In January of 2010, I received a call from that evangelist, a widower. He asked if he could come up and preach for me as he would be on his honeymoon. I agreed. Then he said he needed to let me know that his new wife was black. I still agreed for him to come. That was saturday night, the next morning as I began to announce the plan, there was mixed response. That night, I arrived at church to find a men's meeting in process. The song leader had tried to stop me from allowing a white preacher with a black wife from coming. I stood my ground, believing it was the scriptural ground and the church split. Half walked out within two weeks and some of the others were very unhappy with me. That first Sunday the pianist played her offering special. She chose the one with the lyrics, "Nobody knows the trouble I've seen..." The next week, the new song leader led the congregation in the hymn, "Travelling On."
For the next two years I stuck, because it was right and because the Lord wouldn't let me go. The half church that was left took two sides and hung in there. Of course we made no progress and the shadow of that cloud stayed in place. The crowd that left, kept in contact with the remaining members, but ignored me. So, I just preached the word of God and actually felt the power of God in my messages. It was so evident that many times I would up preaching a message that I had not even prepared for. Only God knows the reason for that. Those who publically stood with my decision, were a strength and an encouragement to me. I had made the decision to cut my salary in half, yet the Lord provided for my wife and I.
By now you may be asking what has this got to do with Jonah? I personally do not feel that God has called me to a place I have refused to go. I do not feel that He wants me to return to Connecticut or Ethiopia. I have perfect peace in my departure from Macon and will always be amazed how the Lord worked that out. My kinship with Jonah is His nature. Strong headed and self motivated. His thinking that he knew more than God. Especially his not understanding the compassion of a Holy God. Specifically when he finally preached to Nineveh fully expecting God to rain down fire and brimstone. He was so confused when God's grace was revealed to Nineveh. He complained when God didn't do what he thought He ought to do. He had preached his heart out on what he believed God was going to do, and God didn't do what Jonah had preached. One thing is true about preachers. They need to be personally related to the God they preach, or they may find themselves preaching a message that has nothing to do with who God is; even if they are using verses and passages from the Word of God. I believe I have preached the Word of God and I know personally the God of the Bible. What I am dealing with is similar to what Jonah dealt with, "What has my ministry meant?" No I am not questioning God; at least I don't think I am. I am not thinking I was a total failure, even though, before God, I am a total failure. If it wasn't for Him, I would have no ministry, period!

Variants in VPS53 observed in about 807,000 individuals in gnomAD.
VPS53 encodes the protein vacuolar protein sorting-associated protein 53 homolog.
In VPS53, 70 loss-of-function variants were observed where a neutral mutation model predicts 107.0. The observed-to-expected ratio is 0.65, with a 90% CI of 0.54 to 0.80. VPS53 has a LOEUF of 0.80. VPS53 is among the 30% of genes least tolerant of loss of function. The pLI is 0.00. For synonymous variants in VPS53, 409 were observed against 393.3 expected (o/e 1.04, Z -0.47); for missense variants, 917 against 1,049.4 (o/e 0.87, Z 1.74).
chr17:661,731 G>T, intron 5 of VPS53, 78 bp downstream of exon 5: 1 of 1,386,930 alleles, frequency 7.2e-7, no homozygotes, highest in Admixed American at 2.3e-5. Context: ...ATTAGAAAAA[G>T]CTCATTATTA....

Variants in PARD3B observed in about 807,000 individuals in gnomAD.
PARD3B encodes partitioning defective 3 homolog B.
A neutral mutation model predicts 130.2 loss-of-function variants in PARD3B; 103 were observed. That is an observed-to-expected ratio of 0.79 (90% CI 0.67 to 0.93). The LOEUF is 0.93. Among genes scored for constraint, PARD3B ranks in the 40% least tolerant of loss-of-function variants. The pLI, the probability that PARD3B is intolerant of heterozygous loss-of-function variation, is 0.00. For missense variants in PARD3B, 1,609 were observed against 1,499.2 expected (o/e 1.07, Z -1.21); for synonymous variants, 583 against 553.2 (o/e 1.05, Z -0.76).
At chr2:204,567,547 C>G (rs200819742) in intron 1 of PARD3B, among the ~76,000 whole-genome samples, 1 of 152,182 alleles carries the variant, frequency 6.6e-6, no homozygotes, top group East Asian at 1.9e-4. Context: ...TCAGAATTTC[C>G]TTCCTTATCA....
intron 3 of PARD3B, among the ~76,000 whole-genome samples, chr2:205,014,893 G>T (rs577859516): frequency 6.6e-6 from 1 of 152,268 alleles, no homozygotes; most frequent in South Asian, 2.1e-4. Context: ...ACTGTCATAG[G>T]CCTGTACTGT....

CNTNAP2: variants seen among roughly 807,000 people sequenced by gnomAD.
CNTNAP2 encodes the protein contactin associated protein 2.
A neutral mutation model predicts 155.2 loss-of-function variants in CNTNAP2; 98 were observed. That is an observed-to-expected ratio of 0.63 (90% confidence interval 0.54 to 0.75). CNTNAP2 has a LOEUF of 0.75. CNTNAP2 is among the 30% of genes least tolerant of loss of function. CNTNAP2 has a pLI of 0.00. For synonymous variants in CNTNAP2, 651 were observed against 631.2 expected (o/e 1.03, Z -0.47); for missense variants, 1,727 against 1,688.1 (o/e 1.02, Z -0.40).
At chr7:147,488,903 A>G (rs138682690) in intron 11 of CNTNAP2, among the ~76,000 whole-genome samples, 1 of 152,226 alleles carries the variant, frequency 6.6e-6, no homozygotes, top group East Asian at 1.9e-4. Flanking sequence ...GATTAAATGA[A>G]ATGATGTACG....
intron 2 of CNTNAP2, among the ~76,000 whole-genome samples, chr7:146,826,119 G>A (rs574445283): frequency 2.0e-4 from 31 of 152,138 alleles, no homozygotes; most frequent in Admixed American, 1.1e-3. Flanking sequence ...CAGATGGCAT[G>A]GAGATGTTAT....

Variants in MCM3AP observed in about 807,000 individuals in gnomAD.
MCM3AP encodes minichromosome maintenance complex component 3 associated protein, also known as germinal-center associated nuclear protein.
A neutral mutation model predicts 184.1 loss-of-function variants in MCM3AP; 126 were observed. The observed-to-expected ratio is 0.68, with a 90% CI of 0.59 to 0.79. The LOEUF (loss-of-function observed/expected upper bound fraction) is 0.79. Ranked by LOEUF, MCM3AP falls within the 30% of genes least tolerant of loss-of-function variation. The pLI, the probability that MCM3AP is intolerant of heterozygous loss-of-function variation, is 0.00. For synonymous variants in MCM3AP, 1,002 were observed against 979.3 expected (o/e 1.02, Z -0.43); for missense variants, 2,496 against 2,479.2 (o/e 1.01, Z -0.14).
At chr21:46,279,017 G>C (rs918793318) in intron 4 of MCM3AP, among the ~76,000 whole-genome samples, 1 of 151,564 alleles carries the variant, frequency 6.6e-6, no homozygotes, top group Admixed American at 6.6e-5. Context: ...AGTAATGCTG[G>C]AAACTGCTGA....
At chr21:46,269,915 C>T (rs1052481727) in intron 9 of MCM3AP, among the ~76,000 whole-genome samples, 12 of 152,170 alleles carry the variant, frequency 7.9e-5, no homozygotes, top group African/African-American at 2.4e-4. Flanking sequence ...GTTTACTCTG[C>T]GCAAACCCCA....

For the past few months I have literally lived under a proverbial gourd vine. My wife and I rent a small house in Springfield and are adjusting to the fixed income syndrome. God gave us a mild winter, low heating bills and now he is giving us a cool summer, lower cooling bills. God is blessing and we are comfortable. We belong to an outstanding church. I don't believe I have ever seen such unity and commitment in a people. The church enjoys the ministry of a young (to me) man. He has a keen insight on the Word of God and a burning desire to be exactly what the Lord wants him to be. He is not intimidated by a former pastor being a member of his church and he freely uses me whenever and whereever he needs me.
So why do I have Jonah on my direct dial? Because, prophets all through the Bible and prophets since, by their biographies, are by nature introspective. They are inherently unable to see things like God sees them. They may only see bad things or they may have forgotten all the successes and achievements. At least on the verge of questioning God they feel useless and that they have only made a mess of their life. Here is the sum. I present it in the form of a proposition. When Jonah entered and passed through Nineveh, did his preaching turn Nineveh over or was it a higher power?